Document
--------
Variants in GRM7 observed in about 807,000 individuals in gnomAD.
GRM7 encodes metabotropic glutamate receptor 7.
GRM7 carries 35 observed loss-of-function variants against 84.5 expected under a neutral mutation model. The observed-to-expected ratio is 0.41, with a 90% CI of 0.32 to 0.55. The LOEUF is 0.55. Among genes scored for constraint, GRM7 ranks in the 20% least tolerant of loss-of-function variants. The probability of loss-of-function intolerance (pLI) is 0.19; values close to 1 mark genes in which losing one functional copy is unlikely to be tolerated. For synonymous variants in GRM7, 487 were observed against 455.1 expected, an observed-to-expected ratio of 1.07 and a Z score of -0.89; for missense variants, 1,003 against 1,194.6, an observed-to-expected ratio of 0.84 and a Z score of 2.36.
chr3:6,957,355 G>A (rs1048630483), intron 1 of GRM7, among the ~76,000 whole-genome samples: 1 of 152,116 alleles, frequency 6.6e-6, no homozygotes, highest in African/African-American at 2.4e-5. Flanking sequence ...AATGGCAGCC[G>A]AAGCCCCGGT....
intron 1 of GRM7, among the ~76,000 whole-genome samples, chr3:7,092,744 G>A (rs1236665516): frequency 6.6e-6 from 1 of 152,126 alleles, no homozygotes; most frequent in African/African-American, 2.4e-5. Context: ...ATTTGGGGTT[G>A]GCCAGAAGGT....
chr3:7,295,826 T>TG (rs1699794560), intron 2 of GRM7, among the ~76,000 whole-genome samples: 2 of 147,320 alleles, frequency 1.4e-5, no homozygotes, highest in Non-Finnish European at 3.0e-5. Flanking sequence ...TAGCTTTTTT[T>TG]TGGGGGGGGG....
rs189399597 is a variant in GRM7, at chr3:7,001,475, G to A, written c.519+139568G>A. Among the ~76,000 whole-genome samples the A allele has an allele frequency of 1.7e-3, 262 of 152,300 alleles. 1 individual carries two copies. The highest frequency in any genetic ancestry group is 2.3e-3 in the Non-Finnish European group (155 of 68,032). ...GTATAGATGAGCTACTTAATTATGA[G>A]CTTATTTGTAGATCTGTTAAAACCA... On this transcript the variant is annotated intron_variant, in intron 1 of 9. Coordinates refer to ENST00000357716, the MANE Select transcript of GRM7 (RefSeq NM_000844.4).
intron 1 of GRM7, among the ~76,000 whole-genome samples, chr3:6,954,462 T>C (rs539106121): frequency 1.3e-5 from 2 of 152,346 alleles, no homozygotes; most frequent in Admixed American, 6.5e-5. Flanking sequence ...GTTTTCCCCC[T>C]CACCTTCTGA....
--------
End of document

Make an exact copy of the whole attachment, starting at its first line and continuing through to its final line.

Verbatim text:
Variants in GRM7 observed in about 807,000 individuals in gnomAD.
GRM7 encodes metabotropic glutamate receptor 7.
GRM7 carries 35 observed loss-of-function variants against 84.5 expected under a neutral mutation model. The observed-to-expected ratio is 0.41, with a 90% CI of 0.32 to 0.55. The LOEUF is 0.55. Among genes scored for constraint, GRM7 ranks in the 20% least tolerant of loss-of-function variants. The probability of loss-of-function intolerance (pLI) is 0.19; values close to 1 mark genes in which losing one functional copy is unlikely to be tolerated. For synonymous variants in GRM7, 487 were observed against 455.1 expected, an observed-to-expected ratio of 1.07 and a Z score of -0.89; for missense variants, 1,003 against 1,194.6, an observed-to-expected ratio of 0.84 and a Z score of 2.36.
chr3:6,957,355 G>A (rs1048630483), intron 1 of GRM7, among the ~76,000 whole-genome samples: 1 of 152,116 alleles, frequency 6.6e-6, no homozygotes, highest in African/African-American at 2.4e-5. Flanking sequence ...AATGGCAGCC[G>A]AAGCCCCGGT....
intron 1 of GRM7, among the ~76,000 whole-genome samples, chr3:7,092,744 G>A (rs1236665516): frequency 6.6e-6 from 1 of 152,126 alleles, no homozygotes; most frequent in African/African-American, 2.4e-5. Context: ...ATTTGGGGTT[G>A]GCCAGAAGGT....
chr3:7,295,826 T>TG (rs1699794560), intron 2 of GRM7, among the ~76,000 whole-genome samples: 2 of 147,320 alleles, frequency 1.4e-5, no homozygotes, highest in Non-Finnish European at 3.0e-5. Flanking sequence ...TAGCTTTTTT[T>TG]TGGGGGGGGG....
rs189399597 is a variant in GRM7, at chr3:7,001,475, G to A, written c.519+139568G>A. Among the ~76,000 whole-genome samples the A allele has an allele frequency of 1.7e-3, 262 of 152,300 alleles. 1 individual carries two copies. The highest frequency in any genetic ancestry group is 2.3e-3 in the Non-Finnish European group (155 of 68,032). ...GTATAGATGAGCTACTTAATTATGA[G>A]CTTATTTGTAGATCTGTTAAAACCA... On this transcript the variant is annotated intron_variant, in intron 1 of 9. Coordinates refer to ENST00000357716, the MANE Select transcript of GRM7 (RefSeq NM_000844.4).
intron 1 of GRM7, among the ~76,000 whole-genome samples, chr3:6,954,462 T>C (rs539106121): frequency 1.3e-5 from 2 of 152,346 alleles, no homozygotes; most frequent in Admixed American, 6.5e-5. Flanking sequence ...GTTTTCCCCC[T>C]CACCTTCTGA....